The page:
Teacher has sixth grader slapped 231 times in central Vietnam

By Hoang Tao, Nguyen Quy   November 25, 2018 | 10:59 pm PT
Teacher has sixth grader slapped 231 times in central Vietnam
Nguyen Thi Phuong Thuy, a teacher in central Vietnam who punished her student with a series of slaps for using foul language. Photo by VnExpress/Hoang Tao
In a throwback to medieval cruelty, a teacher asked 23 classmates of a sixth grader to slap him ten times each.

At the end of 230 slaps, when the boy said he hated her, the teacher slapped him again.

The traumatized boy had to be hospitalized for four days and treated for a badly swollen face.

The incident, which has evoked widespread outrage and prompted the education ministry’s intervention, took place at the Duy Ninh Secondary School in the central province of Quang Binh on November 19.

Nguyen Thi Phuong Thuy, the teacher, had her student Hoang Long Nhat suffer the punishment because he used "foul language."

School principal Pham Thi Le Anh said the teacher has been suspended for 15 days pending further enquiries.

She has since been placed under official investigation for "humiliating or applying corporal punishment to subordinates," a crime punishable by up to seven years under Vietnam’s penal code.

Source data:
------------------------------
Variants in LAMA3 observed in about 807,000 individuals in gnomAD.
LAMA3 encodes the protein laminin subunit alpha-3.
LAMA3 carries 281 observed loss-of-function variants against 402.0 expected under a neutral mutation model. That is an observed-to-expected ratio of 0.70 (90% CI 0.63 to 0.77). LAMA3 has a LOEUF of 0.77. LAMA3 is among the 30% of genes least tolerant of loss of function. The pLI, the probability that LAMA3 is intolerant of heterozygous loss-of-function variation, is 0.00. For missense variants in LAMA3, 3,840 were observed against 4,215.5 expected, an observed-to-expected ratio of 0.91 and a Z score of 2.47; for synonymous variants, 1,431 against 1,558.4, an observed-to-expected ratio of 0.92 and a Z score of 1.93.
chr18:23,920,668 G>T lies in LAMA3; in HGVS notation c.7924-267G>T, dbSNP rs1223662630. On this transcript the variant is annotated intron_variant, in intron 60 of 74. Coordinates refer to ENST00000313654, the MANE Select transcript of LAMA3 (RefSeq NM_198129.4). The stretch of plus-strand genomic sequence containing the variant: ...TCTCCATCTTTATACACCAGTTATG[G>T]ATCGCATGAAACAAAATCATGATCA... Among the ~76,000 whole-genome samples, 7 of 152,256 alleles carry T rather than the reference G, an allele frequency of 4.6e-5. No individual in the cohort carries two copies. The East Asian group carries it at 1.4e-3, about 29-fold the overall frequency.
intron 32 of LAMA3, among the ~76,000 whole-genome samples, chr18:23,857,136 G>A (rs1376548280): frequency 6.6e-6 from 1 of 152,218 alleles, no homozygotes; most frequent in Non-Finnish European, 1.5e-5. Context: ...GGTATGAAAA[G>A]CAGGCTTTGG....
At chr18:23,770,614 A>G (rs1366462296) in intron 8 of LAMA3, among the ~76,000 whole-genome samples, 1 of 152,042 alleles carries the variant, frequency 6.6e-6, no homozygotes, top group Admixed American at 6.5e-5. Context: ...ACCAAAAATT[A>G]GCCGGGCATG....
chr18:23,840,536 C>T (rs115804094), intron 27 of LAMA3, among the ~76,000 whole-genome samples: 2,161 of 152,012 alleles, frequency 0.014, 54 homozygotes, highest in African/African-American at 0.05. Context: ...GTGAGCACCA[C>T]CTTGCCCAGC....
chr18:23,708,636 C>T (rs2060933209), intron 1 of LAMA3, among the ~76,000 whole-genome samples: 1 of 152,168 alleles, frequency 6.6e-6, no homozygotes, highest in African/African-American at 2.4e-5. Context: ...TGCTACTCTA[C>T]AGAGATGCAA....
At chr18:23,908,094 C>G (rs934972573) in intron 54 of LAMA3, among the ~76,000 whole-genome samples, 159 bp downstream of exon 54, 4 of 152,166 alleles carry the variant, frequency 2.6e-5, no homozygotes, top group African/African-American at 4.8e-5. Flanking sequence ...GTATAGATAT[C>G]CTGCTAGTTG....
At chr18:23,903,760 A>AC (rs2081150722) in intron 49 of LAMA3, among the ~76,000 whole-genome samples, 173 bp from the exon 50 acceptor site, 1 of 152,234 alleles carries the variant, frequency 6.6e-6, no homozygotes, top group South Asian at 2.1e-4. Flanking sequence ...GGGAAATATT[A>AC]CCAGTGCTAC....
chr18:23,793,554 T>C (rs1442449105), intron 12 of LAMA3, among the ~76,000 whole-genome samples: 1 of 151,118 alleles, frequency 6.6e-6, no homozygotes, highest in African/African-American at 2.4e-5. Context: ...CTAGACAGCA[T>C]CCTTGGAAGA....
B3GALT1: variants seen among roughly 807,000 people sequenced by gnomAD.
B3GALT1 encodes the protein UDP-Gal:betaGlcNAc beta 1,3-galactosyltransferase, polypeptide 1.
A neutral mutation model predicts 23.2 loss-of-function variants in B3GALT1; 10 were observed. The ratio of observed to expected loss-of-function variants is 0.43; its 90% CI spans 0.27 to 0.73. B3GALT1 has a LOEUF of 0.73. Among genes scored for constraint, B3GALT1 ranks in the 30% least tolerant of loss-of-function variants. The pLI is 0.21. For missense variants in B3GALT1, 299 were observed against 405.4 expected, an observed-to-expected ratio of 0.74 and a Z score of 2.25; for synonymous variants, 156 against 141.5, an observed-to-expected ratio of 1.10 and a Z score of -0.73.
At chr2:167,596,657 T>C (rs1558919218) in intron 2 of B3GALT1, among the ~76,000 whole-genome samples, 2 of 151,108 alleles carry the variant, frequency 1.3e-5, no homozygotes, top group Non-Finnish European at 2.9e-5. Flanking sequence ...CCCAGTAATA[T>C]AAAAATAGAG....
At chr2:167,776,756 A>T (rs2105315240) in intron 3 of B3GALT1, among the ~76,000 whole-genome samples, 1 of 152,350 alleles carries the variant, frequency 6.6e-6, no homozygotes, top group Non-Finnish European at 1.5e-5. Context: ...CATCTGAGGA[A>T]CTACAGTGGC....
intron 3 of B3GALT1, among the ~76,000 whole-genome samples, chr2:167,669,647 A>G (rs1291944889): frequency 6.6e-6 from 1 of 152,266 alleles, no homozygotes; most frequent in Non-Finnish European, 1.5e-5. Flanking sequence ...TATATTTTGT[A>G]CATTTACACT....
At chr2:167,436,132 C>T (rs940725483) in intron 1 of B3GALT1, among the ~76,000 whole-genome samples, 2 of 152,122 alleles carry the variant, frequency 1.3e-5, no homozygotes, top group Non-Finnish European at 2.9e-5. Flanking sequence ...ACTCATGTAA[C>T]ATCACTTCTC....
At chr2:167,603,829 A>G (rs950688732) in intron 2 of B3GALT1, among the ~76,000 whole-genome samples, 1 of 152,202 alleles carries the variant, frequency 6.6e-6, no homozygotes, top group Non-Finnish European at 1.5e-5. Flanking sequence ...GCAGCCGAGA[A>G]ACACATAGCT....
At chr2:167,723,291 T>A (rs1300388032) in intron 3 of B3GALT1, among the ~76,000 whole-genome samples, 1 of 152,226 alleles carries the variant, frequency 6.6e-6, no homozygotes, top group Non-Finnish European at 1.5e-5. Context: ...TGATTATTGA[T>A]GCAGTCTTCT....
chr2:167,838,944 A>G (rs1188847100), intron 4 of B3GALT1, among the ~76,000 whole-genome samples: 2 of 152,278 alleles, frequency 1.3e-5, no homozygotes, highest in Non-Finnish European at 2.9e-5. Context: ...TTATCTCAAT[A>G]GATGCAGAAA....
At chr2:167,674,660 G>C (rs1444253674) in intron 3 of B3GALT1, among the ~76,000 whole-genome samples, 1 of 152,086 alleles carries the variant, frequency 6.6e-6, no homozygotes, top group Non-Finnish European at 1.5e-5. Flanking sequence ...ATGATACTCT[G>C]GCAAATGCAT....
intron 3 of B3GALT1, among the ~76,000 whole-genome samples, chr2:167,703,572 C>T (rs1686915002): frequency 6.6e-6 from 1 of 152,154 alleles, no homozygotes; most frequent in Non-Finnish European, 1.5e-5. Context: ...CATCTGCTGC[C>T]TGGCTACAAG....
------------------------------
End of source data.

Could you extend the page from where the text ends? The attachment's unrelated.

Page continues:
Deputy Minister of Education and Training Nguyen Thi Nghia had said Saturday that whatever rule the student had broken, the punishment "was completely wrong and unacceptable."

The ministry had ordered education officials to investigate the case and take disciplinary action against the teacher.

Media reports said Thuy has admitted to school leaders that her actions were wrong. She attributed them to the pressure of educational achievements demanded by the school.

Teachers are traditionally held in very high regard in Vietnam, but teaching is no longer seen as a rewarding vocation. Teachers get paid very little, and are usually overworked.

A report presented to the National Assembly in September last year showed that teachers with many years of experience received just VND3-3.5 million ($132-154) a month, including bonuses, roughly the nation’s mandated minimum wage.

The same study found that 40 percent of the teachers interviewed said they would choose another job if they had the chance.

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